August 8th, 2018: Understanding and Remembrance Day for Severe ME
Have you heard of our Severe Myalgic Encephalomyelitis Day of Understanding and Remembrance? Please join Jody Smith in observing this day and honoring the 25% of those with ME/CFS who are most severely ill.
Discuss the article on the Forums.

Ebola virus disease sequelae: a challenge that is not going away

Discussion in 'Latest ME/CFS Research' started by Dolphin, Jan 19, 2017.

  1. Dolphin

    Dolphin Senior Member


  2. trishrhymes

    trishrhymes Senior Member

    Oh god, don't let them inflict CBT and GET on the poor Ebola survivors. Surely they've suffered enough.
  3. RogerBlack

    RogerBlack Senior Member

    The above comment notes about CFS 'evidence based treatment programs include graded exercise and CBT'. Unfortunately, the evidence for these actually helping is weak or nonexistant.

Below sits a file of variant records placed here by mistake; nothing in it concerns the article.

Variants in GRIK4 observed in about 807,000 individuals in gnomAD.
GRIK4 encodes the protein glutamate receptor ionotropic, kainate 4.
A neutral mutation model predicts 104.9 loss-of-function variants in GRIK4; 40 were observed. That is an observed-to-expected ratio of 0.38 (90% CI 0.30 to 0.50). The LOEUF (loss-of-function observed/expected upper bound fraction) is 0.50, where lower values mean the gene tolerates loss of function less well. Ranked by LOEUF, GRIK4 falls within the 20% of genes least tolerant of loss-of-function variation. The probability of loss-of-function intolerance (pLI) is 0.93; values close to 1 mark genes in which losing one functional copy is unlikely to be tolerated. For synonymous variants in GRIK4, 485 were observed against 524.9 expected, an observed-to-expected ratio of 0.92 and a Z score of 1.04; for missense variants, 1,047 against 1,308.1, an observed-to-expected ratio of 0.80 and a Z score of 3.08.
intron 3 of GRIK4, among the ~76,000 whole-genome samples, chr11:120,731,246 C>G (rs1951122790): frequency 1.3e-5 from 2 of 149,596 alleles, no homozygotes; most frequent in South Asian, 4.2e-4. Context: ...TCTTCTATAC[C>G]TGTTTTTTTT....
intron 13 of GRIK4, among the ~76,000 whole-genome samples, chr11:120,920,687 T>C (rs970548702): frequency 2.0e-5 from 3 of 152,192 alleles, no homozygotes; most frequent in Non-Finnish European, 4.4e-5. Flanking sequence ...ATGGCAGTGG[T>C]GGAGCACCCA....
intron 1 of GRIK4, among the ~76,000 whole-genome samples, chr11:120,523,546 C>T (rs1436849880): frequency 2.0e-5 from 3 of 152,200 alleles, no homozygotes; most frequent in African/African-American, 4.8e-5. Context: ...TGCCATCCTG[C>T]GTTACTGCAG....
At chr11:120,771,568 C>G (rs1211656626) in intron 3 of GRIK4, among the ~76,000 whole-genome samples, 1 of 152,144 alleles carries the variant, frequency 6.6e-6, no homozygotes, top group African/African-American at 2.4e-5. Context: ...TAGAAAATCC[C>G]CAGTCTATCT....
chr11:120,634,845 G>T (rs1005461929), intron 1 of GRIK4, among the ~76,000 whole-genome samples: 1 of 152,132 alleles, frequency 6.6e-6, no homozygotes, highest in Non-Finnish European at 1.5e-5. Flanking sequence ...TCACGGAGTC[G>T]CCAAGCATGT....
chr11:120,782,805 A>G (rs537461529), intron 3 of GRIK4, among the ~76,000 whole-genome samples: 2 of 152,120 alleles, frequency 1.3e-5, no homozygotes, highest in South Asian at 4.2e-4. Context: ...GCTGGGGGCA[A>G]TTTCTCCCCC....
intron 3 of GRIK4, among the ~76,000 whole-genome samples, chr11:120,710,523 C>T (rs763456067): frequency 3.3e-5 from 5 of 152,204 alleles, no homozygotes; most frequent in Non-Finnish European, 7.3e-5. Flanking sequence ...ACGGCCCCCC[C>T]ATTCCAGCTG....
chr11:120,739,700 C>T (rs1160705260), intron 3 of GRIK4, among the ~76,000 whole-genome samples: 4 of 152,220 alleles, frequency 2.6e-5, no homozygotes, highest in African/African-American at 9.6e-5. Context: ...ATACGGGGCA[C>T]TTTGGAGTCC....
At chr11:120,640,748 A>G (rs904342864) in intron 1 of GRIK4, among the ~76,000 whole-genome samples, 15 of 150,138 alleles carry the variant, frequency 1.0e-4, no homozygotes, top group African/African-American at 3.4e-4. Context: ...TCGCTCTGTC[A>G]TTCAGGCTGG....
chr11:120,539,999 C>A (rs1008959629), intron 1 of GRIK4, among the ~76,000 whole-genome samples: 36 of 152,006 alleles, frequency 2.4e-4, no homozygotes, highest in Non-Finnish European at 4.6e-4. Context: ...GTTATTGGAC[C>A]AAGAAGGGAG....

A recent reanalysis [1] on if patients actually recovered during the largest randomised trial of graded exercise therapy and CBT [2] found they did not recover statistically significantly compared to controls, and the level of 'recovery' was very far from 'to normal'.

    " When recovery was defined according to the original protocol, recovery rates in the GET and CBT groups were low and not significantly higher than in the control group (4%, 7% and 3%, respectively)."

    The PACE trial suffered from outcome switching, as well as other changes in the pre-trial protocol, dilution of the patient population using criteria that may have included patients with depression and recovery thresholds that meant some of those going in were already classed as 'recovered'.

    Due to the low recovery thresholds, even if the initial rates of recovery were sustained in the long term (they were not), the treatments effect approaches clinical insignificance, even if you believe the original trial numbers.

    The original recovery threshold is equivalent to patients with class II congestive heart failure.



See more popular forum discussions.

Share This Page